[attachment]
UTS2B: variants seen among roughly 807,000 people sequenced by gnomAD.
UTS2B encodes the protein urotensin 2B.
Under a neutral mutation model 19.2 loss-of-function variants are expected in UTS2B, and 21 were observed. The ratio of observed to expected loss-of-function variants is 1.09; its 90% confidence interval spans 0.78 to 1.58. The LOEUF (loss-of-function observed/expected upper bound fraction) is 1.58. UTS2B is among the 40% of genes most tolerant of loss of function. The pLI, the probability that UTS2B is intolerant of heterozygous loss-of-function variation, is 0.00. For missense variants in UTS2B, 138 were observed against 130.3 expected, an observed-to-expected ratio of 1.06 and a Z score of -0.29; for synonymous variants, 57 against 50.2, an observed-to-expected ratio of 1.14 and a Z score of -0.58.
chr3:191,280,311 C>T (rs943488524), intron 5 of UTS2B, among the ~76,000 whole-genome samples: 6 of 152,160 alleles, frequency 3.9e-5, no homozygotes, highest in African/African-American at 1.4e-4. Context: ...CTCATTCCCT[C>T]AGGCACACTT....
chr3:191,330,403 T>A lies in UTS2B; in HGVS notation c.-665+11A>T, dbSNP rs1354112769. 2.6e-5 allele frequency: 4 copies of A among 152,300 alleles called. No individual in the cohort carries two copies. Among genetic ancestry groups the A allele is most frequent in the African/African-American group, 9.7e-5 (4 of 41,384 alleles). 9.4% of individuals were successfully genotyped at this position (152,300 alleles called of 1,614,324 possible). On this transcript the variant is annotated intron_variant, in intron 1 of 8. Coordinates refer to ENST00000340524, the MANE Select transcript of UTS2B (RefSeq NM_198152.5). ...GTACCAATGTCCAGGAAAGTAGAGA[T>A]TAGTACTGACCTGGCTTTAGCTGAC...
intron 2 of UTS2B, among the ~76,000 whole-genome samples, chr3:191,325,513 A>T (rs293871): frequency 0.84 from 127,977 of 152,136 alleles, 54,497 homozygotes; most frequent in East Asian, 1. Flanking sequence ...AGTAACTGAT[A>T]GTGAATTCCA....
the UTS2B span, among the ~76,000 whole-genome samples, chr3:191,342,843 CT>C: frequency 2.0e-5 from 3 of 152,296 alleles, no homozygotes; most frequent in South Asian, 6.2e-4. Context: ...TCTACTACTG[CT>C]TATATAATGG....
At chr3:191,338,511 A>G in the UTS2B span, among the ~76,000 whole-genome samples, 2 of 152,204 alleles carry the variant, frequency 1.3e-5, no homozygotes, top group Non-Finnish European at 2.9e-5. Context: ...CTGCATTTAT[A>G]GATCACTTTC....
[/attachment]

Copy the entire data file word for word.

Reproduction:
UTS2B: variants seen among roughly 807,000 people sequenced by gnomAD.
UTS2B encodes the protein urotensin 2B.
Under a neutral mutation model 19.2 loss-of-function variants are expected in UTS2B, and 21 were observed. The ratio of observed to expected loss-of-function variants is 1.09; its 90% confidence interval spans 0.78 to 1.58. The LOEUF (loss-of-function observed/expected upper bound fraction) is 1.58. UTS2B is among the 40% of genes most tolerant of loss of function. The pLI, the probability that UTS2B is intolerant of heterozygous loss-of-function variation, is 0.00. For missense variants in UTS2B, 138 were observed against 130.3 expected, an observed-to-expected ratio of 1.06 and a Z score of -0.29; for synonymous variants, 57 against 50.2, an observed-to-expected ratio of 1.14 and a Z score of -0.58.
chr3:191,280,311 C>T (rs943488524), intron 5 of UTS2B, among the ~76,000 whole-genome samples: 6 of 152,160 alleles, frequency 3.9e-5, no homozygotes, highest in African/African-American at 1.4e-4. Context: ...CTCATTCCCT[C>T]AGGCACACTT....
chr3:191,330,403 T>A lies in UTS2B; in HGVS notation c.-665+11A>T, dbSNP rs1354112769. 2.6e-5 allele frequency: 4 copies of A among 152,300 alleles called. No individual in the cohort carries two copies. Among genetic ancestry groups the A allele is most frequent in the African/African-American group, 9.7e-5 (4 of 41,384 alleles). 9.4% of individuals were successfully genotyped at this position (152,300 alleles called of 1,614,324 possible). On this transcript the variant is annotated intron_variant, in intron 1 of 8. Coordinates refer to ENST00000340524, the MANE Select transcript of UTS2B (RefSeq NM_198152.5). ...GTACCAATGTCCAGGAAAGTAGAGA[T>A]TAGTACTGACCTGGCTTTAGCTGAC...
intron 2 of UTS2B, among the ~76,000 whole-genome samples, chr3:191,325,513 A>T (rs293871): frequency 0.84 from 127,977 of 152,136 alleles, 54,497 homozygotes; most frequent in East Asian, 1. Flanking sequence ...AGTAACTGAT[A>T]GTGAATTCCA....
the UTS2B span, among the ~76,000 whole-genome samples, chr3:191,342,843 CT>C: frequency 2.0e-5 from 3 of 152,296 alleles, no homozygotes; most frequent in South Asian, 6.2e-4. Context: ...TCTACTACTG[CT>C]TATATAATGG....
At chr3:191,338,511 A>G in the UTS2B span, among the ~76,000 whole-genome samples, 2 of 152,204 alleles carry the variant, frequency 1.3e-5, no homozygotes, top group Non-Finnish European at 2.9e-5. Context: ...CTGCATTTAT[A>G]GATCACTTTC....